Immunities and Criminal Proceedings (Equatorial Guinea v. France)
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Overview of the case
On 13 June 2016, the Republic of Equatorial Guinea instituted proceedings against the French Republic with regard to a dispute concerning “the immunity from criminal jurisdiction of the Second Vice-President of the Republic of Equatorial Guinea in charge of Defence and State Security [Mr. Teodoro Nguema Obiang Mangue], and the legal status of the building which houses the Embassy of Equatorial Guinea in France”.
As basis for the Court’s jurisdiction, Equatorial Guinea invoked the Optional Protocol to the Vienna Convention on Diplomatic Relations concerning the Compulsory Settlement of Disputes of 18 April 1961 and the United Nations Convention against Transnational Organized Crime of 15 November 2000.
On 29 September 2016, Equatorial Guinea filed a Request for the indication of provisional measures and also requested the President of the Court to exercise his power under Article 74, paragraph 4, of the Rules of Court. By a letter of 3 October 2016, in accordance with that provision, the Vice-President of the Court, acting as President in the case, drew the attention of France “to the need to act in such a way as will enable any order the Court may make on the request for provisional measures to have its appropriate effects”.
By an Order of 7 December 2016, the Court, having heard the Parties, ordered France, pending a final decision in the case, to take all measures at its disposal to ensure that the premises presented as housing the diplomatic mission of Equatorial Guinea at 42 avenue Foch in Paris enjoy treatment equivalent to that required by Article 22 of the Vienna Convention on Diplomatic Relations, in order to ensure their inviolability. However, regarding Equatorial Guinea’s claim relating to the immunity of Mr. Teodoro Nguema Obiang Mangue, the Court considered that, prima facie, a dispute capable of falling within the provisions of the Convention against Transnational Organized Crime did not exist between the Parties, and the Court thus did not have prima facie jurisdiction under that instrument to entertain Equatorial Guinea’s Request for provisional measures.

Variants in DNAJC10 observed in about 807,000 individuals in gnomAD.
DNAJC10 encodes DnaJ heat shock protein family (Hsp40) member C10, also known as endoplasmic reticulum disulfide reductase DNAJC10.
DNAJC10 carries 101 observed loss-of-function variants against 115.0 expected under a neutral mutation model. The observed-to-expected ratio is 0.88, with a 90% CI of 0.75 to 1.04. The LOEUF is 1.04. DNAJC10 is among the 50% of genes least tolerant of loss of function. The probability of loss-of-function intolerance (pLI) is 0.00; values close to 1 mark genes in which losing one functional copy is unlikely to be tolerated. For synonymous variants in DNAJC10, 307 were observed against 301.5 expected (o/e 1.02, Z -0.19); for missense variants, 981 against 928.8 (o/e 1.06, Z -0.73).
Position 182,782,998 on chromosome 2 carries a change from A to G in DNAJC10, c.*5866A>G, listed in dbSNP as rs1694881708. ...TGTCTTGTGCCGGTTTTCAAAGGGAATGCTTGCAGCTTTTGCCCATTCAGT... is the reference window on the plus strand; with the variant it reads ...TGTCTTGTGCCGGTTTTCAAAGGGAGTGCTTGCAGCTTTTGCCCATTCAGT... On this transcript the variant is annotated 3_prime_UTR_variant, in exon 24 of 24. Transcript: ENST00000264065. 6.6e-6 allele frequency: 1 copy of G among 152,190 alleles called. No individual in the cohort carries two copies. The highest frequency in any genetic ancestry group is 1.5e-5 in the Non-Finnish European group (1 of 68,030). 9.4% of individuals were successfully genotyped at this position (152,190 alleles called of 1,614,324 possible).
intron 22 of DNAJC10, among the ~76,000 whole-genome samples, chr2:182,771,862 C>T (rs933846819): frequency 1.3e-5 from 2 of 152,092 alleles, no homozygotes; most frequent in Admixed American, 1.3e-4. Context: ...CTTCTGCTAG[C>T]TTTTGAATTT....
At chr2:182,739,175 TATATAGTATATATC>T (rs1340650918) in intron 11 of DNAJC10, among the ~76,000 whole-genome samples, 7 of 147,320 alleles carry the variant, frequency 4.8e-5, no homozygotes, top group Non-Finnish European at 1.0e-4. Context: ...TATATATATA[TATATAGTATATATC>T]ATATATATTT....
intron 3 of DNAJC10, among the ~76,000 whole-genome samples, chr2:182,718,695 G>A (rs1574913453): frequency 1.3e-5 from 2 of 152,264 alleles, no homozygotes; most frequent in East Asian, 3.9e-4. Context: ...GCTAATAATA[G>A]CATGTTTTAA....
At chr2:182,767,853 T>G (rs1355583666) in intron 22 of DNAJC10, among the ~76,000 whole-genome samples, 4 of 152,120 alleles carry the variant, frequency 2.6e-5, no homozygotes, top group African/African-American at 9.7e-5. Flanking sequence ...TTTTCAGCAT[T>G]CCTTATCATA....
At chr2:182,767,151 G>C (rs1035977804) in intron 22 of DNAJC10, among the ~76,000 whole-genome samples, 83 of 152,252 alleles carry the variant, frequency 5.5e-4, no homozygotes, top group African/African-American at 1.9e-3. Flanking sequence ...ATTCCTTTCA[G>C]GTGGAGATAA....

On 31 March 2017, France filed preliminary objections to the jurisdiction of the Court and the admissibility of the Application, and the proceedings on the merits were suspended. Having held public hearings in February 2018, on 6 June 2018 the Court delivered its Judgment on the preliminary objections raised by France. In its Judgment, the Court upheld the first preliminary objection raised by France, according to which it lacked jurisdiction on the basis of Article 35 of the United Nations Convention against Transnational Organized Crime. However, it found that it had jurisdiction, on the basis of the Optional Protocol to the Vienna Convention on Diplomatic Relations concerning the Compulsory Settlement of Disputes, to entertain the Application of Equatorial Guinea in so far as it concerned the status of the building located at 42 avenue Foch in Paris as premises of the mission, and that this part of the Application was admissible.
After public hearings which were held in February 2020, the Court issued its Judgment on the merits of the case on 11 December 2020. The Court found that the building at 42 avenue Foch in Paris had never acquired the status of “premises of the mission” within the meaning of Article 1 (i) of the Vienna Convention on Diplomatic Relations and that France had not breached its obligations under that Convention.
This overview is provided for information only and in no way involves the responsibility of the Court.